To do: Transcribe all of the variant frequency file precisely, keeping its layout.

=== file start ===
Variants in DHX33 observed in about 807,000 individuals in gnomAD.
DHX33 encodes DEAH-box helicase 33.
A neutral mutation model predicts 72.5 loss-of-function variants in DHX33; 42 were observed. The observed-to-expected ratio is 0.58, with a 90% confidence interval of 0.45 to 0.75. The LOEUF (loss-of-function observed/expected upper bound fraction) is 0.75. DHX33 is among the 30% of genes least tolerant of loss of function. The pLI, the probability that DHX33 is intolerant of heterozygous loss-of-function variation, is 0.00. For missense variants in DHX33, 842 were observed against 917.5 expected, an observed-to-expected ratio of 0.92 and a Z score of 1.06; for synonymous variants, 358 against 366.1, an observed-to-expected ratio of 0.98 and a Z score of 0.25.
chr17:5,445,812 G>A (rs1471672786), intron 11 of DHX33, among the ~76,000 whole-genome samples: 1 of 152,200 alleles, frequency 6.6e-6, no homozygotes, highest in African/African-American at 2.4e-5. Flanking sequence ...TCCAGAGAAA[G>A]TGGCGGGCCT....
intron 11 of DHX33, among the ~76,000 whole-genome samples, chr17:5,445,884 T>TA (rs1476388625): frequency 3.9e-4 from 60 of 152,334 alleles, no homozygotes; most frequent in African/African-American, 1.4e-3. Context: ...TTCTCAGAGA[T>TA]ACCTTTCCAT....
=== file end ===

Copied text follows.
Variants in DHX33 observed in about 807,000 individuals in gnomAD.
DHX33 encodes DEAH-box helicase 33.
A neutral mutation model predicts 72.5 loss-of-function variants in DHX33; 42 were observed. The observed-to-expected ratio is 0.58, with a 90% confidence interval of 0.45 to 0.75. The LOEUF (loss-of-function observed/expected upper bound fraction) is 0.75. DHX33 is among the 30% of genes least tolerant of loss of function. The pLI, the probability that DHX33 is intolerant of heterozygous loss-of-function variation, is 0.00. For missense variants in DHX33, 842 were observed against 917.5 expected, an observed-to-expected ratio of 0.92 and a Z score of 1.06; for synonymous variants, 358 against 366.1, an observed-to-expected ratio of 0.98 and a Z score of 0.25.
chr17:5,445,812 G>A (rs1471672786), intron 11 of DHX33, among the ~76,000 whole-genome samples: 1 of 152,200 alleles, frequency 6.6e-6, no homozygotes, highest in African/African-American at 2.4e-5. Flanking sequence ...TCCAGAGAAA[G>A]TGGCGGGCCT....
intron 11 of DHX33, among the ~76,000 whole-genome samples, chr17:5,445,884 T>TA (rs1476388625): frequency 3.9e-4 from 60 of 152,334 alleles, no homozygotes; most frequent in African/African-American, 1.4e-3. Context: ...TTCTCAGAGA[T>TA]ACCTTTCCAT....